The Fate of the Union

By Dan Froomkin
2:04 PM ET, 02/23/2009

Obama and Biden meeting with the governors this morning. (AP Photo/Charles Dharapak)

President Obama must achieve a number of outwardly contradictory goals in tomorrow night's address to a joint session of Congress -- essentially his first State of the Union speech.

He needs to explain how the extraordinary spending spree required to stimulate the economy and stem the foreclosure crisis is not actually in conflict with his intention to halve the deficit in four years. He has to be blunt about the severity of the current financial crisis, while at the same time expressing confidence in a strong recovery. He needs to play to the ultimate inside-the-Beltway audience in the room, while simultaneously speaking directly to a huge national audience that has grown skeptical of Washington's ways. And he needs to rebut the partisan attacks on his stimulus and mortgage plans, even as he calls for an end to tit-for-tat politics and urges members of both parties to work together.

All in a night's work for the Great Explainer? Perhaps.

Obama may have telegraphed some of his strategy this morning, when he addressed the nation's governors at the White House.

He described the extraordinary stimulus bill he signed last week as a plan "to put Americans to work doing the work America needs done" that will "make an immediate impact while laying the foundation for a lasting growth and prosperity."

He vowed to end "business as usual" when it comes to federal spending, promising "to watch the taxpayers' money with more rigor and transparency than ever."

And while acknowledging "legitimate concerns" from Republicans about some small parts of the stimulus package, he lashed out once again at the level of political discourse in Washington -- and particularly on cable television.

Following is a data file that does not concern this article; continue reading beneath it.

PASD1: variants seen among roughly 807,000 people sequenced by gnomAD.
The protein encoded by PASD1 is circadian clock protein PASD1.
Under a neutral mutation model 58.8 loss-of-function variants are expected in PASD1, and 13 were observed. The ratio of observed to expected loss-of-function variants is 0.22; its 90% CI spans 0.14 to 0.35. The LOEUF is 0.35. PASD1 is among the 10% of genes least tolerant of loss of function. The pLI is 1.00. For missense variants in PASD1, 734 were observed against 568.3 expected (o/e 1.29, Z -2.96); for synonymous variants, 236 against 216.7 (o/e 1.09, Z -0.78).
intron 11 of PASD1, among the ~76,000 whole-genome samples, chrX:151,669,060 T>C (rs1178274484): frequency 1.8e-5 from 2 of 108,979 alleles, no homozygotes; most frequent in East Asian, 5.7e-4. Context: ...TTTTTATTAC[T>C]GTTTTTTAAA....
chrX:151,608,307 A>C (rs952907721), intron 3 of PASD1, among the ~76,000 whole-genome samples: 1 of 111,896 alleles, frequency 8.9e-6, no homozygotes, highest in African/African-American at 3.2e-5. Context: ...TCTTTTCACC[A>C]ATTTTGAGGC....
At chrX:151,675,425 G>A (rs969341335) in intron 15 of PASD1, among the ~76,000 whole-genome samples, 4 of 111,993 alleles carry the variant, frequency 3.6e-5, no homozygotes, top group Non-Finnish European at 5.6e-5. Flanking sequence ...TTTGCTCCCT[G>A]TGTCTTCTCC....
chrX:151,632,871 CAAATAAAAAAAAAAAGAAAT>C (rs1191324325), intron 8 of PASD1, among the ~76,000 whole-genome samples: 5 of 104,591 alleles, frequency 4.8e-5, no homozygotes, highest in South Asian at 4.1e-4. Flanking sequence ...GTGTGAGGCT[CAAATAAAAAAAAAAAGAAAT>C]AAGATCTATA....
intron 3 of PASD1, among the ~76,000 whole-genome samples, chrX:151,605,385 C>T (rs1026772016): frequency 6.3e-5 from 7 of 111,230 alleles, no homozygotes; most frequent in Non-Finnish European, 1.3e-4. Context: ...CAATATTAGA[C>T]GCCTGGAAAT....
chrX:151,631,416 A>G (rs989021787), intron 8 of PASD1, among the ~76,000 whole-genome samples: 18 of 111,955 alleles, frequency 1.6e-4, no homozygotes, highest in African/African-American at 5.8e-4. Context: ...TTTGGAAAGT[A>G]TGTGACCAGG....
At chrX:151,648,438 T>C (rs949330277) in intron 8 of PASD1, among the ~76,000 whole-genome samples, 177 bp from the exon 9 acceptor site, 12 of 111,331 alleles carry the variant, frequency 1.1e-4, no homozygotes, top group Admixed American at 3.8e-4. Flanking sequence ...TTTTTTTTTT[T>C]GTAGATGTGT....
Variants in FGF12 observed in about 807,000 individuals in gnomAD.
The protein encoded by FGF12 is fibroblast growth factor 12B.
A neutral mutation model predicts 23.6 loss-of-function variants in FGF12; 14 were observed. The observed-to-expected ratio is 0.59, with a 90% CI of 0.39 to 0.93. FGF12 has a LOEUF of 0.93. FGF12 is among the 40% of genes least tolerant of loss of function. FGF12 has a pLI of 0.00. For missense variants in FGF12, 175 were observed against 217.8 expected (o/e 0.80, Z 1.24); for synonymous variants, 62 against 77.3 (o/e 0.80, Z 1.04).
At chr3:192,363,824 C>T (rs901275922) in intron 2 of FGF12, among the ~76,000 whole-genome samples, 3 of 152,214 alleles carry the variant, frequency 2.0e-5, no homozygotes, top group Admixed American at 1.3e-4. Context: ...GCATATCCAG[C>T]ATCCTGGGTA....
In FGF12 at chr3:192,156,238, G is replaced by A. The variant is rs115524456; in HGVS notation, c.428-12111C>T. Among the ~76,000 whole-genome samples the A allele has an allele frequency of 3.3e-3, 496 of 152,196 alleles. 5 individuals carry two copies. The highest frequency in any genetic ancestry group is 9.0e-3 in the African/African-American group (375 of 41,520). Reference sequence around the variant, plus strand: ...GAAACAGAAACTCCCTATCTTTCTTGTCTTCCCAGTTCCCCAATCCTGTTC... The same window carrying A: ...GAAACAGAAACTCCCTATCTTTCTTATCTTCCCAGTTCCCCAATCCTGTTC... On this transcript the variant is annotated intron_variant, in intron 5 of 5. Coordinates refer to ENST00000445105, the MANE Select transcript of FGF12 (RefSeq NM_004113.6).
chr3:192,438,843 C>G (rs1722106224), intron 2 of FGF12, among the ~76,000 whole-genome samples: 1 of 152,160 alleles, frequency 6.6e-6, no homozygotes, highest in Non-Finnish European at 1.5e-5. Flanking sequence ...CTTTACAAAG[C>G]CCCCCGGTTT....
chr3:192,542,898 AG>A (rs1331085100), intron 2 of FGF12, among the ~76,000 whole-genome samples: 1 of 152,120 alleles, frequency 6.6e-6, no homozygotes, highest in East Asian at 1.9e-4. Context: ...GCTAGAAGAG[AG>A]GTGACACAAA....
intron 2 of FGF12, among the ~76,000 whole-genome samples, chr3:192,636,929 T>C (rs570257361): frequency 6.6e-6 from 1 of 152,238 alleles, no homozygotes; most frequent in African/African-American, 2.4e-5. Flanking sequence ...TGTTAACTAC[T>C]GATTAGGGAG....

"I just want us to not lose perspective of the fact that most of the things that have been the topic of argument over the last several days amount to a fraction of the overall stimulus package. This sometimes gets lost in the cable chatter," he said. "I just want to make sure that we're having an honest debate ..

"[I]f we agree on 90 percent of this stuff, and we're spending all our time on television arguing about 1, 2, 3 percent of the spending in this thing, and somehow it's being characterized in broad brush as wasteful spending, that starts sounding more like politics. And that's what right now we don't have time to do....

"What I don't want us to do, though, is to just get caught up in the same old stuff that inhibits us from acting effectively and in concert. There's going to be ample time for campaigns down the road."

And early this afternoon, kicking off a "Fiscal Responsibility Summit" at the White House, Obama talked about fiscal restraint. "As we take the steps that we must to get through the crisis we're in now, we will not lose sight of the long-term," he said. "I refuse to leave our children with a debt they cannot repay."

As for tomorrow night, Jeff Zeleny writes in the New York Times: "President Obama will use his first address to Congress on Tuesday to present a road map for 'how we get to a better day,' a senior adviser says, in a speech intended to explain his economic policies and argue that legislative revisions on health care, education and energy are crucial to lifting the economy.